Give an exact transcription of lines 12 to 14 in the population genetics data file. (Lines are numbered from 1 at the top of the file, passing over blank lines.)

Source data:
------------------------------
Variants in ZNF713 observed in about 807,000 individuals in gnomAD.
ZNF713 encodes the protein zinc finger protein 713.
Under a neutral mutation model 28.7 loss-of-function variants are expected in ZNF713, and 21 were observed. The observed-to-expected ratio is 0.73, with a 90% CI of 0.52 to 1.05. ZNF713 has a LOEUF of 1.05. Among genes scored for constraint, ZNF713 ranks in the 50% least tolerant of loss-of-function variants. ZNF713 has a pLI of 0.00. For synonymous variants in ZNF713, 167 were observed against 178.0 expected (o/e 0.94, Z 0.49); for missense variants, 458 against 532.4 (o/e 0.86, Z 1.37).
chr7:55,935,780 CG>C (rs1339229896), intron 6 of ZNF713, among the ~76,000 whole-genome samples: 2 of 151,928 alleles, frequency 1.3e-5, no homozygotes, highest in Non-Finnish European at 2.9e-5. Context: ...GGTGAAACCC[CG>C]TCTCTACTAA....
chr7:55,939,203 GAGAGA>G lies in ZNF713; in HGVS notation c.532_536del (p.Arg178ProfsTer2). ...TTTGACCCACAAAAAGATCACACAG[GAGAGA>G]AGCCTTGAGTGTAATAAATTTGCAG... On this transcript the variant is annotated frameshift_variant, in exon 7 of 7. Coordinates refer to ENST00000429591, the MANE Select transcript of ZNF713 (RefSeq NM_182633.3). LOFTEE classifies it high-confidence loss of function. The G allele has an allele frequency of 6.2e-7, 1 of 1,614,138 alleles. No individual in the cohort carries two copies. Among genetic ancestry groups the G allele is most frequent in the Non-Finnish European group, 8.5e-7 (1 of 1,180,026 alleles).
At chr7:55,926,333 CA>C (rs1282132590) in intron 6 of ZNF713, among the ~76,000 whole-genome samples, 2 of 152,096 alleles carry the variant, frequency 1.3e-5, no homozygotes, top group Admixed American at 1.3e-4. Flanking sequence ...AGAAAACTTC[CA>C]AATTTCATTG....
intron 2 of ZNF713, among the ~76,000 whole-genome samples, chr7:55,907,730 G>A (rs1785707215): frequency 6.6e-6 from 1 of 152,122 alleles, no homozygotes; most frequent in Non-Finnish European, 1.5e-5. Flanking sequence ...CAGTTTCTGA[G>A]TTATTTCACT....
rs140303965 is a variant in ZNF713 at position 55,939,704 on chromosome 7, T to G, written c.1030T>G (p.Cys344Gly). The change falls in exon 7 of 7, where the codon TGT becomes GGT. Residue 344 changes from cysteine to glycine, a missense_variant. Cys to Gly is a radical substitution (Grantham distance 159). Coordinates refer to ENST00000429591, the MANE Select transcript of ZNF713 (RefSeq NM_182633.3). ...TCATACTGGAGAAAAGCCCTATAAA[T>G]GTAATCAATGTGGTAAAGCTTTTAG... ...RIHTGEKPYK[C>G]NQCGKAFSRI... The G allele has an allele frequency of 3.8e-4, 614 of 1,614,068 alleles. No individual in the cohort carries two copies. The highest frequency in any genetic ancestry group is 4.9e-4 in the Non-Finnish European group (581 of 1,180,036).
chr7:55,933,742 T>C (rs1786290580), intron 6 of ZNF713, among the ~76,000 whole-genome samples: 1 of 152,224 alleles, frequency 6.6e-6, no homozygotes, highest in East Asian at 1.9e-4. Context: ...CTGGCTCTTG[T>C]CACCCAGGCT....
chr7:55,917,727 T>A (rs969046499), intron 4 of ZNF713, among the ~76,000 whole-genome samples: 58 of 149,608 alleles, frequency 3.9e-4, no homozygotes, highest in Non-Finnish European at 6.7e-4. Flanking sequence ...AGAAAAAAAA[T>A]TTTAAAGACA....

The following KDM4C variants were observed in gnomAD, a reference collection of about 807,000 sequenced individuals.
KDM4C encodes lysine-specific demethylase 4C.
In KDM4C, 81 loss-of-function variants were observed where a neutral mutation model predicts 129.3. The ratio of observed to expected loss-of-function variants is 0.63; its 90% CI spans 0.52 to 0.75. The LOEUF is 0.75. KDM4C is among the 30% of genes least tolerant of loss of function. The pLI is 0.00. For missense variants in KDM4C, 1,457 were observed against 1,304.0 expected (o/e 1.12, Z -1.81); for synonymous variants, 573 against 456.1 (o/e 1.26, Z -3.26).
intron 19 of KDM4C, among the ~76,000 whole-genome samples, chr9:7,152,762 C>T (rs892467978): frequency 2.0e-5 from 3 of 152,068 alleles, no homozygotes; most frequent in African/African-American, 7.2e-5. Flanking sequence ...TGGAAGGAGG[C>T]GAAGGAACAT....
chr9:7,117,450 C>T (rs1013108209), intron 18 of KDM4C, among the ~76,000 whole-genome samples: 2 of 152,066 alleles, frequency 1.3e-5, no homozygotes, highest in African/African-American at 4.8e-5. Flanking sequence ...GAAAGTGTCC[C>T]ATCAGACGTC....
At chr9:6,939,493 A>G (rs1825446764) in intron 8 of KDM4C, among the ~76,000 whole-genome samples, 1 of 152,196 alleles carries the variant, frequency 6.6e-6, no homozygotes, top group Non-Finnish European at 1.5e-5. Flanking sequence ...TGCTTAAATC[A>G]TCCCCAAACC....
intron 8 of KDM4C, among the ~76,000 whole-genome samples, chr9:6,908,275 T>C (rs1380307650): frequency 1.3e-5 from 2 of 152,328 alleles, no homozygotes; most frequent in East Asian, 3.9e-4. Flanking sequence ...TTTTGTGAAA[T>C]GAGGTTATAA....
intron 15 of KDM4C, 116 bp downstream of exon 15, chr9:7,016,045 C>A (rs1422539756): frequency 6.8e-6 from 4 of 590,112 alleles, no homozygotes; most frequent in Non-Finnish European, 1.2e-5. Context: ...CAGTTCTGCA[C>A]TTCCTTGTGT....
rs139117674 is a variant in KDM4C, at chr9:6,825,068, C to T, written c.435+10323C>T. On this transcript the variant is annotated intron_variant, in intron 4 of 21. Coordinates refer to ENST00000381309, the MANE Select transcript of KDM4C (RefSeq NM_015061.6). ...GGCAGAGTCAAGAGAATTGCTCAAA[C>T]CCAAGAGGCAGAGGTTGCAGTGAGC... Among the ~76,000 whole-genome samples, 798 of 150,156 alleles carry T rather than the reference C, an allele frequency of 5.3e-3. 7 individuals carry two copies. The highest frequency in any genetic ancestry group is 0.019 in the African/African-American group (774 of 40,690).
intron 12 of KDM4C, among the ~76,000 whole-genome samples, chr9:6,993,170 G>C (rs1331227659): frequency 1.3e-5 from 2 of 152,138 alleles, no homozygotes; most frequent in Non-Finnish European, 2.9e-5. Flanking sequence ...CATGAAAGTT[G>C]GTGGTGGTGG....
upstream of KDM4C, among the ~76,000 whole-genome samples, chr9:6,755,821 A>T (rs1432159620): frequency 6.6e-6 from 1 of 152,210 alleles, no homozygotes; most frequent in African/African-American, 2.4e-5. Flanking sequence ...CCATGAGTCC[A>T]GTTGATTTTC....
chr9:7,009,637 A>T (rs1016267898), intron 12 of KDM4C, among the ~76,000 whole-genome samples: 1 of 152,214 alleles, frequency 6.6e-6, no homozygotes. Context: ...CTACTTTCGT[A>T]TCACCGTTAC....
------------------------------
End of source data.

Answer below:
KDM4C encodes lysine-specific demethylase 4C.
In KDM4C, 81 loss-of-function variants were observed where a neutral mutation model predicts 129.3. The ratio of observed to expected loss-of-function variants is 0.63; its 90% CI spans 0.52 to 0.75. The LOEUF is 0.75. KDM4C is among the 30% of genes least tolerant of loss of function. The pLI is 0.00. For missense variants in KDM4C, 1,457 were observed against 1,304.0 expected (o/e 1.12, Z -1.81); for synonymous variants, 573 against 456.1 (o/e 1.26, Z -3.26).
intron 19 of KDM4C, among the ~76,000 whole-genome samples, chr9:7,152,762 C>T (rs892467978): frequency 2.0e-5 from 3 of 152,068 alleles, no homozygotes; most frequent in African/African-American, 7.2e-5. Flanking sequence ...TGGAAGGAGG[C>T]GAAGGAACAT....